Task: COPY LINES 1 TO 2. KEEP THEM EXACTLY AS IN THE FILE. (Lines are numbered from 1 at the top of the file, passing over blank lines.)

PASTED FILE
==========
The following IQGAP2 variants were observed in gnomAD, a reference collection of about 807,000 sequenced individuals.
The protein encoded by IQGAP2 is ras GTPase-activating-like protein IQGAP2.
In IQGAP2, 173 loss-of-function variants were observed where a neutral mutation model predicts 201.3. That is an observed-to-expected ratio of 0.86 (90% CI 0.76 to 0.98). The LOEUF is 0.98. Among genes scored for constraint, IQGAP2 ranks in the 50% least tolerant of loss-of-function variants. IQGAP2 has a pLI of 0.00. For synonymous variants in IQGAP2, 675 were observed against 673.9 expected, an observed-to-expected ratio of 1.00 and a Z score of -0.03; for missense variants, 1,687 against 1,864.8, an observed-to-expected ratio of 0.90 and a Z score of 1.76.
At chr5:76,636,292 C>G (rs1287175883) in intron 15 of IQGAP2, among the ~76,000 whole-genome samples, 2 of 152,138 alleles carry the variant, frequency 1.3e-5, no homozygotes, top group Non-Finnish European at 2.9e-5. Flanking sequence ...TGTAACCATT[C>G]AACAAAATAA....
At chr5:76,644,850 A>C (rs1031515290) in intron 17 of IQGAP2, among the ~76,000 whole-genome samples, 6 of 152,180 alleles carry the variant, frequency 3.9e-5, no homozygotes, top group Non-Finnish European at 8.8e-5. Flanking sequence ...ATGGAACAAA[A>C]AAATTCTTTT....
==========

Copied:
The following IQGAP2 variants were observed in gnomAD, a reference collection of about 807,000 sequenced individuals.
The protein encoded by IQGAP2 is ras GTPase-activating-like protein IQGAP2.